How to Cope When Everything Seems to Be Going Wrong
By Dani Vaughan
Dealing with stress and changing situations is something that we will always have to deal with. As we move throughout life, our circumstances are constantly changing. Stress is something that will be a part of our lives and can fluctuate from minimal levels to more extreme. Coping with stress and being able to continue to function in our daily lives is extremely important as part of our mental and physical health.
Everyone comes from different situations and has different life experiences, but understanding how you best deal with stress as an individual is unique to you. Sometimes the best way to learn more about something is to look at some of the research and theories related to stress.
The first thing to look at is, what is stress? By definition, it is a state of mental or emotional strain that is the result of adverse or very demanding circumstances. Hans Selye, who is known as the “Father of Stress Research,” presented the following theory, that stress has been viewed as a response, a stimulus, and a transaction.
Stress as a Response
Stress can be described as a dependent variable and includes the following three concepts:
1. It is a defensive mechanism.
2. Three stages: Alarm, resistance, and exhaustion.
a. Alarm: Initiates the nervous systems to combat or avoid the stressor. Reactions such as increased heart rate, temperature, and adrenaline are all responses in the alarm stage.
b. Resistance: This is the flight or fight reaction to the stressor.
c. Exhaustion: Returning to homeostasis and generally accommodating the stressor.
3. If it’s prolonged or severe, it can be extremely detrimental.
Stress as a Stimulus
The theory of stress as a stimulus views stress as a significant life event or change that demands a response, adjustment, or adaptation. This theory assumes:
1. Change is inherently stressful.
2. Life events demand the same levels of adjustment across the population.
3. There is a common threshold of adjustment beyond which illness will result.
This model initially viewed the person as a passive recipient of stress, one who played no role in the intensity of the stressor. A change or life event could also be a positive or negative experience based on the individual's cognitive and emotional factors.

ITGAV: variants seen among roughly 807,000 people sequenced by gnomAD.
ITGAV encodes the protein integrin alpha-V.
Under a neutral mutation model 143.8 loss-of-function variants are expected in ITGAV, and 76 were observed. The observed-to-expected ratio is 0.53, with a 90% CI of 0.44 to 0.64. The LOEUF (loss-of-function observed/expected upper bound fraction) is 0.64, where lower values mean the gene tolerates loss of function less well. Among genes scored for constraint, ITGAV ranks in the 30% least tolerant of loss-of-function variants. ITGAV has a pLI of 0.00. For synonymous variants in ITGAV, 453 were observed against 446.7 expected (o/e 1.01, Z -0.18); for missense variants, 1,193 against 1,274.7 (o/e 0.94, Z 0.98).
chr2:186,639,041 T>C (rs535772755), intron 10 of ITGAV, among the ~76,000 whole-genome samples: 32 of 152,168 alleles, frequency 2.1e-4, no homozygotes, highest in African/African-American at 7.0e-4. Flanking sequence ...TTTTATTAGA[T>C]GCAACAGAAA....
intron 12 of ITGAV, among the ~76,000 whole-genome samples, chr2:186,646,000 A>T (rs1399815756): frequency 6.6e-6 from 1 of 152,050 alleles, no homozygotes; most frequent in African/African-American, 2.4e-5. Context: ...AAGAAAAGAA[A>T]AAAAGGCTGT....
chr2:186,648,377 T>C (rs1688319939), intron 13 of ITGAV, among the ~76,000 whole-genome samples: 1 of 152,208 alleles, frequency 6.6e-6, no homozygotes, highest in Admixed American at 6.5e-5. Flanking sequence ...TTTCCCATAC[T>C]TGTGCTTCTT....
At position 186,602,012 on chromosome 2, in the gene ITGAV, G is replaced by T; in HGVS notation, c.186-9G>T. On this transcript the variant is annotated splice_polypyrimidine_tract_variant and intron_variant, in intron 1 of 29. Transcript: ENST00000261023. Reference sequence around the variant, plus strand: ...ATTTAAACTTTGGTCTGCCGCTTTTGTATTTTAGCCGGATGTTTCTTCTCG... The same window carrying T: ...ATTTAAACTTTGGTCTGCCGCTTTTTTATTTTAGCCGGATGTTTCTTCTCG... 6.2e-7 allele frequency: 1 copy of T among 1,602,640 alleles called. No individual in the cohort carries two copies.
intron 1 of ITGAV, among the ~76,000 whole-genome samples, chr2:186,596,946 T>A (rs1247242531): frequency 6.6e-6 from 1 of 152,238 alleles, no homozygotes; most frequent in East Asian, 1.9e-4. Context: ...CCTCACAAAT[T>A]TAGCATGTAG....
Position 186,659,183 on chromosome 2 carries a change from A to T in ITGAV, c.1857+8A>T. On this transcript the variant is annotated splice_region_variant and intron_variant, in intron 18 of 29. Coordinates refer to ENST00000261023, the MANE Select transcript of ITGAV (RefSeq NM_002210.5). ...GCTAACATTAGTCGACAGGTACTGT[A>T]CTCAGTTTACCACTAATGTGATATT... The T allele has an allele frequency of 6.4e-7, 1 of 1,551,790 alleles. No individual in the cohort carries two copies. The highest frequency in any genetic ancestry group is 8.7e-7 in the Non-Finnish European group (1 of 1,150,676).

Stress as a Transaction
To explain stress as more of a dynamic process, this last theory presents stress as a product of a transaction between a person and their environment. Along with this theory is the concept of hardiness, this refers to an individual’s personality that distinguishes people who remain healthy under stressful circumstances compared to those who develop health problems.
The following graphic illustrates the three different theories of stress: stress as a response, stimulus, and transaction.
Coping with Stress
All of these theories give a glimpse into what stress is and many of the base concepts. Coping is the conscious and unconscious reaction to how we deal with problems and reduce stress. It is the mind and body’s way to try and restore itself to its optimum functioning state.
There are many ways to cope. Large amounts of literature, both popular and academic, all talk about stress management. Many jobs and industries are dedicated to helping people lessen and cope with stress. Listed below are a few examples of general stress management techniques:
In psychology, coping skills or coping strategies are tools that we can use to avoid burnout. This can include our thoughts, emotions, and actions, and they are all dependent on our personalities. Someone who is very outgoing and sociable will most likely use a different technique than someone timid.
1. The ultimate goal of coping is to return to a state of balance.
2. Strategies can be positive or negative.
3. Coping is dependent on personality patterns and perceptual experiences.
4. It is never the same for two people. Choosing a strategy to cope is HIGHLY individualized.
We are all individuals and react to situations differently. What may be extremely stressful for one person may not have the same influence on someone else. Never compare your circumstances to another person. How we each deal with stress is unique and individual, some people might like to talk about their struggles with friends or family while going for a walk alone in the park would be the solution for someone else. We all experience stress, and things will happen to us that we cannot control. It’s our responsibility to know the best ways for us to cope and then be willing to make the steps to change and make our lives better.